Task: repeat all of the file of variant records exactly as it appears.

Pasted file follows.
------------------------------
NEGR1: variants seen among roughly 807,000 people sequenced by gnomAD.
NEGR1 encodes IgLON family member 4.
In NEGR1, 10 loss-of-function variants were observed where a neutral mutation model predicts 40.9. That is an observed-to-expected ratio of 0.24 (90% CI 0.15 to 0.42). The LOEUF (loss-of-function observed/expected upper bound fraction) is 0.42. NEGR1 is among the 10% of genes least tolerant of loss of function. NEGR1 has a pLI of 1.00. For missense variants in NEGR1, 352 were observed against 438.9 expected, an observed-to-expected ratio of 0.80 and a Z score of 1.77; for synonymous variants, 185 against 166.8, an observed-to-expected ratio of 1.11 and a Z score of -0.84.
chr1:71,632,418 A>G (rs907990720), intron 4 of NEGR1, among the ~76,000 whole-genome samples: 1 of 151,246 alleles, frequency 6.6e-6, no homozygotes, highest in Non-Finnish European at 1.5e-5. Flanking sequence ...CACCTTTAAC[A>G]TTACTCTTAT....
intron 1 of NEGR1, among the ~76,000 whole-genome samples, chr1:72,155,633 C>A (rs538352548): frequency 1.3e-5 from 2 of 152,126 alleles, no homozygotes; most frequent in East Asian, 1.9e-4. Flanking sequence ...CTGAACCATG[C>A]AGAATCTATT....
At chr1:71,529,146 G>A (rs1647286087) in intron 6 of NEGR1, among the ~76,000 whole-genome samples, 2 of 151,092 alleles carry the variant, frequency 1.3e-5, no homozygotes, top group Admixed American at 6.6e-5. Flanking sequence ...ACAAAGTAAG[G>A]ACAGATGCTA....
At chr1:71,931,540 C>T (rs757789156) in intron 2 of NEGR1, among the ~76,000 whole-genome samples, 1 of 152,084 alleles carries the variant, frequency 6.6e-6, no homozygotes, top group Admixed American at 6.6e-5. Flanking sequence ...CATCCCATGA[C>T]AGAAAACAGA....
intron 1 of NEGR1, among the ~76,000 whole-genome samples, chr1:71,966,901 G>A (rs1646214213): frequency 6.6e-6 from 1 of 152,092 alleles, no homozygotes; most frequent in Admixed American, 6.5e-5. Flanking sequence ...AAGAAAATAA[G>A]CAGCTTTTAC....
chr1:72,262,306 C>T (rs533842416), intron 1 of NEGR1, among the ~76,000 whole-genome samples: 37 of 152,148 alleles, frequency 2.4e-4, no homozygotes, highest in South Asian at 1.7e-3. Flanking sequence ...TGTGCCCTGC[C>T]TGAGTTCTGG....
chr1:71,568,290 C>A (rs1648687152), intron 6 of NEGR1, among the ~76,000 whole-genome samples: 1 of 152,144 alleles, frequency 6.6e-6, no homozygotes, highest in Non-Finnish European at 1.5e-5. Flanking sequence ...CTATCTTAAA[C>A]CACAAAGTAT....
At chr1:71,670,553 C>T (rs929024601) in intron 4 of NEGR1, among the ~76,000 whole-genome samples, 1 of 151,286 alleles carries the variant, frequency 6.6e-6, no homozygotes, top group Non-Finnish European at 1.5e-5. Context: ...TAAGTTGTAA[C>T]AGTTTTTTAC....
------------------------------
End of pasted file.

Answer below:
NEGR1: variants seen among roughly 807,000 people sequenced by gnomAD.
NEGR1 encodes IgLON family member 4.
In NEGR1, 10 loss-of-function variants were observed where a neutral mutation model predicts 40.9. That is an observed-to-expected ratio of 0.24 (90% CI 0.15 to 0.42). The LOEUF (loss-of-function observed/expected upper bound fraction) is 0.42. NEGR1 is among the 10% of genes least tolerant of loss of function. NEGR1 has a pLI of 1.00. For missense variants in NEGR1, 352 were observed against 438.9 expected, an observed-to-expected ratio of 0.80 and a Z score of 1.77; for synonymous variants, 185 against 166.8, an observed-to-expected ratio of 1.11 and a Z score of -0.84.
chr1:71,632,418 A>G (rs907990720), intron 4 of NEGR1, among the ~76,000 whole-genome samples: 1 of 151,246 alleles, frequency 6.6e-6, no homozygotes, highest in Non-Finnish European at 1.5e-5. Flanking sequence ...CACCTTTAAC[A>G]TTACTCTTAT....
intron 1 of NEGR1, among the ~76,000 whole-genome samples, chr1:72,155,633 C>A (rs538352548): frequency 1.3e-5 from 2 of 152,126 alleles, no homozygotes; most frequent in East Asian, 1.9e-4. Flanking sequence ...CTGAACCATG[C>A]AGAATCTATT....
At chr1:71,529,146 G>A (rs1647286087) in intron 6 of NEGR1, among the ~76,000 whole-genome samples, 2 of 151,092 alleles carry the variant, frequency 1.3e-5, no homozygotes, top group Admixed American at 6.6e-5. Flanking sequence ...ACAAAGTAAG[G>A]ACAGATGCTA....
At chr1:71,931,540 C>T (rs757789156) in intron 2 of NEGR1, among the ~76,000 whole-genome samples, 1 of 152,084 alleles carries the variant, frequency 6.6e-6, no homozygotes, top group Admixed American at 6.6e-5. Flanking sequence ...CATCCCATGA[C>T]AGAAAACAGA....
intron 1 of NEGR1, among the ~76,000 whole-genome samples, chr1:71,966,901 G>A (rs1646214213): frequency 6.6e-6 from 1 of 152,092 alleles, no homozygotes; most frequent in Admixed American, 6.5e-5. Flanking sequence ...AAGAAAATAA[G>A]CAGCTTTTAC....
chr1:72,262,306 C>T (rs533842416), intron 1 of NEGR1, among the ~76,000 whole-genome samples: 37 of 152,148 alleles, frequency 2.4e-4, no homozygotes, highest in South Asian at 1.7e-3. Flanking sequence ...TGTGCCCTGC[C>T]TGAGTTCTGG....
chr1:71,568,290 C>A (rs1648687152), intron 6 of NEGR1, among the ~76,000 whole-genome samples: 1 of 152,144 alleles, frequency 6.6e-6, no homozygotes, highest in Non-Finnish European at 1.5e-5. Flanking sequence ...CTATCTTAAA[C>A]CACAAAGTAT....
At chr1:71,670,553 C>T (rs929024601) in intron 4 of NEGR1, among the ~76,000 whole-genome samples, 1 of 151,286 alleles carries the variant, frequency 6.6e-6, no homozygotes, top group Non-Finnish European at 1.5e-5. Context: ...TAAGTTGTAA[C>T]AGTTTTTTAC....